Taxing Frequent-Flyer Miles
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Taxing Frequent-Flyer Miles
Some frequent flyers are finding that their reward miles aren’t as free as they thought.
Citibank customers who earned frequent-flyer miles for opening accounts received notices that they had to pay taxes on the value of the miles, reported Time magazine’s Martha C. White.
In response, those cardholders are taking Citibank to court. In their class-action lawsuit, the cardholders argue that they were not specifically informed that getting the miles could mean owing $350 in federal and state income taxes for 40,000 miles with American Airlines.
The lawsuit says that Citibank offered 40,000 frequent-flyer miles with American Airlines to anyone opening an account. It says that the bank didn’t specify that cardholders had to report 2½ cents per mile as income to the Internal Revenue Service, reported Time.
Citibank said they the promotional miles were a gift and are taxable.
“We are aware of the lawsuit filing and confident in the appropriateness of our disclosures, and we will vigorously defend this lawsuit,” a Citibank spokesman said in a statement.
Responses to “Work at Home”
For last week’s Color of Money question, I asked: “Do you have trouble turning off the ‘work you’ when you get home?” The question stemmed from an On Leadership blog posting by Brene Brown.
Brown wrote: “This emotional armor we bring to work is heavy, and the weaponry takes a long time to assemble, so when we get home in the evenings, we don’t put it away. It’s too much trouble, and, frankly, it’s too risky.”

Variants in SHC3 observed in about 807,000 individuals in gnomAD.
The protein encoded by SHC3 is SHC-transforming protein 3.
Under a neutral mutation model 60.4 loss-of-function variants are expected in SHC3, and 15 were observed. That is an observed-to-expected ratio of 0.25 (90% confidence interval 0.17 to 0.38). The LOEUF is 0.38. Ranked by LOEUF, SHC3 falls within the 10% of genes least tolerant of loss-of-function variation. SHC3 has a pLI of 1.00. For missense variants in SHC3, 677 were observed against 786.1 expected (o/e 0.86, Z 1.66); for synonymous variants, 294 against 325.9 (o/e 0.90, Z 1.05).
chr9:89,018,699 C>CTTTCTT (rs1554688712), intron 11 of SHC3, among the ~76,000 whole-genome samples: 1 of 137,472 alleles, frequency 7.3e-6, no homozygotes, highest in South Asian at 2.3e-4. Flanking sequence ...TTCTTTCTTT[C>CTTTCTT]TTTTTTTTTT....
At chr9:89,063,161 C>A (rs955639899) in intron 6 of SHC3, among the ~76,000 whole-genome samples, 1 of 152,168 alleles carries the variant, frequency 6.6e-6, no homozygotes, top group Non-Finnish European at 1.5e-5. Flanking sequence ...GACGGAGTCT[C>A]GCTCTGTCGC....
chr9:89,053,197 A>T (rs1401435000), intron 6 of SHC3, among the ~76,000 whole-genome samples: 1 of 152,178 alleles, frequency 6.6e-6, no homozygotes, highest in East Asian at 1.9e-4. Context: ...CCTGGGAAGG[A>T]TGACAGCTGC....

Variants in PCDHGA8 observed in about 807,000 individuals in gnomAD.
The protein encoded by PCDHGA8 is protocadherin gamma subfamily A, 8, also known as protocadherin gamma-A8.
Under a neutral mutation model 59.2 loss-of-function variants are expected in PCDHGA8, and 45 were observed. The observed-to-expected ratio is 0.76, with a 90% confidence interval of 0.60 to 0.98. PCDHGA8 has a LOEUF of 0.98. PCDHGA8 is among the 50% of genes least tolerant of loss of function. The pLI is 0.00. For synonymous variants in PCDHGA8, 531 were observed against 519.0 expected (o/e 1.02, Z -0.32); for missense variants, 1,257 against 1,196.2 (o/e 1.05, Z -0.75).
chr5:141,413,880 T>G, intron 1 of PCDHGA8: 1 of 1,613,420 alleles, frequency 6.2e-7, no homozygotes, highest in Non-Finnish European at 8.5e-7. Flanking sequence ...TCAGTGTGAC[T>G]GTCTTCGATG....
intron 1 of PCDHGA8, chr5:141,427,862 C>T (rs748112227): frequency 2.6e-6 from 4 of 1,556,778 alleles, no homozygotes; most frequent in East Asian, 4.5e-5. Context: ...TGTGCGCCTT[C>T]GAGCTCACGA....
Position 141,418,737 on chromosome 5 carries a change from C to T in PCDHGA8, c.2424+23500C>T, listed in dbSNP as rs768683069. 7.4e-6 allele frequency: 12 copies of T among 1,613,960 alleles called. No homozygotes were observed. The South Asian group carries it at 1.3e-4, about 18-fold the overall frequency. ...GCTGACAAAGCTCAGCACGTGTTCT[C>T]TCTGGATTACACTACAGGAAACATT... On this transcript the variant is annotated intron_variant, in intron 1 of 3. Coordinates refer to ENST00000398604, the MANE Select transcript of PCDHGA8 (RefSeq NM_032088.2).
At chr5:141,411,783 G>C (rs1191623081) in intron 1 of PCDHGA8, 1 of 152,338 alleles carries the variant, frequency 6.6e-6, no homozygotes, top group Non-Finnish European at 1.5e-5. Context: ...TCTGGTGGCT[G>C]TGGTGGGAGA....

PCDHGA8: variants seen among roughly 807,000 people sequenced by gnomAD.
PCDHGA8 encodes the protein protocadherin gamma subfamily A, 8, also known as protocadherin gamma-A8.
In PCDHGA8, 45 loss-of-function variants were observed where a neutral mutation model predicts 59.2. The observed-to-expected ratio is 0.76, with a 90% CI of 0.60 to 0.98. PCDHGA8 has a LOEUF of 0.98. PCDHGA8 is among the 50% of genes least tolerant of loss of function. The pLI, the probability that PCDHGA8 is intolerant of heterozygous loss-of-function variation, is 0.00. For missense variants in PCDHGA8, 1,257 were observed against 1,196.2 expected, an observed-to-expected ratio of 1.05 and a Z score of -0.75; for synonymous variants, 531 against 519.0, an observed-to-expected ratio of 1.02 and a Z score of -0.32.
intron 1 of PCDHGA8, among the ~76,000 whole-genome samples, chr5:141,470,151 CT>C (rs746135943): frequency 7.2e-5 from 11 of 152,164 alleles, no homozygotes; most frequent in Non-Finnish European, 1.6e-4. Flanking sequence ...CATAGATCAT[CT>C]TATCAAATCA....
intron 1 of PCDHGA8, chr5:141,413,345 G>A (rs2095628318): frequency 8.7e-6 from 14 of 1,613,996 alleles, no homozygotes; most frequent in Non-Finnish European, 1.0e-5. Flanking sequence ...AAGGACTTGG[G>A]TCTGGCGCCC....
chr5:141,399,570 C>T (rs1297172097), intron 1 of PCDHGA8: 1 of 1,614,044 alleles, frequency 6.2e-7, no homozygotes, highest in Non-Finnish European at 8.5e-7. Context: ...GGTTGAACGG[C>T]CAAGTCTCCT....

Christine Valle of California said her kids – ages 20 and 17 – complain that she doesn’t turn off her work mode when she gets home. But she argues that she shouldn’t.
“I think that being a manager at work and being a parent can be complementary skills,” she wrote. Our children “are different with different skills, talents and ways of doing things. Just like employees. I’ve managed for about 25 plus years. The key is getting people to realize what their passion is, build on it, take a few risks to grow and continue to learn new skills for their entire lives.”
“I have learned over the years that I need an hour after work to decompress,” wrote Delores O’Mara of Juneau, Alaska. “Whether I meditate, read, or just enjoy solitude, it keeps me from snapping at my family and makes me an all around better person to be around. It’s hard on busy days when I already don’t have much time with family but I really need time away from everyone before I can process in a non-task oriented way.”
“I know a lot of people have this problem, but let’s turn it around: Why must we armor ourselves so heavily when we go to work?” wrote Earl Roethke of Minneapolis. “Do our work places really have to be a battle ground? In a well led company all the employees would understand that by cooperating, instead of competing for turf, the success of the whole is so much greater.”
Baby On Board
A reader recently wrote to The Washington Post @Work columnist Karla Miller to get advice on whether she should disclose that she is pregnant during job interviews.